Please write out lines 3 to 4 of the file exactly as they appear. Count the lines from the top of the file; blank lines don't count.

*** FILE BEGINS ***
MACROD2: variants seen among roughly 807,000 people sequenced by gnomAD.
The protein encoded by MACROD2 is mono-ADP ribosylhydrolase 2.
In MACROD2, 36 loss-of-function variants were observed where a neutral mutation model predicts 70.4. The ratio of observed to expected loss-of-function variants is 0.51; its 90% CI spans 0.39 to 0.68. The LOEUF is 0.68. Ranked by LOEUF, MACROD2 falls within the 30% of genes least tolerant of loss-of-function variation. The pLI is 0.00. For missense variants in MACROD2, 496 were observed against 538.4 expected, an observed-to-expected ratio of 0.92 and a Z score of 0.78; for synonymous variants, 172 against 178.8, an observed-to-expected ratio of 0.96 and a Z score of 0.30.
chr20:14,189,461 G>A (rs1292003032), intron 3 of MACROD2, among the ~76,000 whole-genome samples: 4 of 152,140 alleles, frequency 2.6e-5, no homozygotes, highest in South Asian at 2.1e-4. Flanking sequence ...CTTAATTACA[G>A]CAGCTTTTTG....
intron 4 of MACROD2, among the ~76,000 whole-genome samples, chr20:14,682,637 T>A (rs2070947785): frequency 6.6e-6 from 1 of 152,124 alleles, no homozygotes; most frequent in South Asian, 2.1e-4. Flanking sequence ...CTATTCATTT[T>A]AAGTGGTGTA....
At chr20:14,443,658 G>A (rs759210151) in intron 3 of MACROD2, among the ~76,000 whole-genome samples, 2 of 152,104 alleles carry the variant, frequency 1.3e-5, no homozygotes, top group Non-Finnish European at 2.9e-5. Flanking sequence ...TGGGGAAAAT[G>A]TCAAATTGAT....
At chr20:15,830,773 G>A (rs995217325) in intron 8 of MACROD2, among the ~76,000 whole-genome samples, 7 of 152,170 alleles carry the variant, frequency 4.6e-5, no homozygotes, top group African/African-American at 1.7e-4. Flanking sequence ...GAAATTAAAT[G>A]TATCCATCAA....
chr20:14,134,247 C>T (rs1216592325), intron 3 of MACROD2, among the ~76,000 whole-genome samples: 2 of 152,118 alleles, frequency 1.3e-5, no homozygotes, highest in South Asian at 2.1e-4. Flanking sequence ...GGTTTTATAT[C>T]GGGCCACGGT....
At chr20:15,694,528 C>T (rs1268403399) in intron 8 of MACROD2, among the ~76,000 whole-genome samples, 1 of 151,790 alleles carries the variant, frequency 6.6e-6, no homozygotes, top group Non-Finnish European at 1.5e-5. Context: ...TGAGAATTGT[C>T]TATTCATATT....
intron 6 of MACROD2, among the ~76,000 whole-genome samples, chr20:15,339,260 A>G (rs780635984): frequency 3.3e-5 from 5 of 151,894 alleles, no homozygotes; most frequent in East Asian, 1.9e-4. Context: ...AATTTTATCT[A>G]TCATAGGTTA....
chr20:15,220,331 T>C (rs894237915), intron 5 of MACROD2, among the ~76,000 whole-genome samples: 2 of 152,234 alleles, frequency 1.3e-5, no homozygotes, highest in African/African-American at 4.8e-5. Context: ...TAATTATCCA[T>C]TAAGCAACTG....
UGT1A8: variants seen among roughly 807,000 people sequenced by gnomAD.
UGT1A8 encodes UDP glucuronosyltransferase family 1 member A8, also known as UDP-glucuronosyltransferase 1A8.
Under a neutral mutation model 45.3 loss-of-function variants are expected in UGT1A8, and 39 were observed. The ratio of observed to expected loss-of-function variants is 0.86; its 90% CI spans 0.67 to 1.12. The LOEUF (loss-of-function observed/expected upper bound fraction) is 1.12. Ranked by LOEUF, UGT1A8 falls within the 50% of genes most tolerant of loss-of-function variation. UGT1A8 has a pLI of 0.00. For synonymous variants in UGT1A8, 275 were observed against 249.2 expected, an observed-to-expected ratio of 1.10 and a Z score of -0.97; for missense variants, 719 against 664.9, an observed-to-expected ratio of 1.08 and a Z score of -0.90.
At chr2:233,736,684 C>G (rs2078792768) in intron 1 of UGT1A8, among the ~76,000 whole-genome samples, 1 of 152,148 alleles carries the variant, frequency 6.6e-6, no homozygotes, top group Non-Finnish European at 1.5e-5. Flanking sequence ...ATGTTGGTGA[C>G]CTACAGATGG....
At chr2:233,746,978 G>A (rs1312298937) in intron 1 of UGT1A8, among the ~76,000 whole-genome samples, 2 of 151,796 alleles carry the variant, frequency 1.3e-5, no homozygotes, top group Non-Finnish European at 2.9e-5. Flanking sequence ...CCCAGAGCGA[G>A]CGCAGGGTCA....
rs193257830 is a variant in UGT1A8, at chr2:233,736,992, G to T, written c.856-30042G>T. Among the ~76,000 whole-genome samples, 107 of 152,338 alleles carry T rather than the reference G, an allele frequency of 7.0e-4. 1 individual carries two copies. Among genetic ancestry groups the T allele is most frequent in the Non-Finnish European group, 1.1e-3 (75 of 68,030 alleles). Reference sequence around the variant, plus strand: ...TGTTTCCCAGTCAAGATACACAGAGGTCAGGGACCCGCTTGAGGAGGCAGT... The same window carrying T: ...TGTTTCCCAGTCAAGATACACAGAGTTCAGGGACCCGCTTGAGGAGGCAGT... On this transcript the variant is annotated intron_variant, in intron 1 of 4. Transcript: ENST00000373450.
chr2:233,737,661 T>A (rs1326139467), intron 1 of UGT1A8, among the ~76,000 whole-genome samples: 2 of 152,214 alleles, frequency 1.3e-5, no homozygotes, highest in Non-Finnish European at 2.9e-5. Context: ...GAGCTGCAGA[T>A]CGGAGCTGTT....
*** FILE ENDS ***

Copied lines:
In MACROD2, 36 loss-of-function variants were observed where a neutral mutation model predicts 70.4. The ratio of observed to expected loss-of-function variants is 0.51; its 90% CI spans 0.39 to 0.68. The LOEUF is 0.68. Ranked by LOEUF, MACROD2 falls within the 30% of genes least tolerant of loss-of-function variation. The pLI is 0.00. For missense variants in MACROD2, 496 were observed against 538.4 expected, an observed-to-expected ratio of 0.92 and a Z score of 0.78; for synonymous variants, 172 against 178.8, an observed-to-expected ratio of 0.96 and a Z score of 0.30.
chr20:14,189,461 G>A (rs1292003032), intron 3 of MACROD2, among the ~76,000 whole-genome samples: 4 of 152,140 alleles, frequency 2.6e-5, no homozygotes, highest in South Asian at 2.1e-4. Flanking sequence ...CTTAATTACA[G>A]CAGCTTTTTG....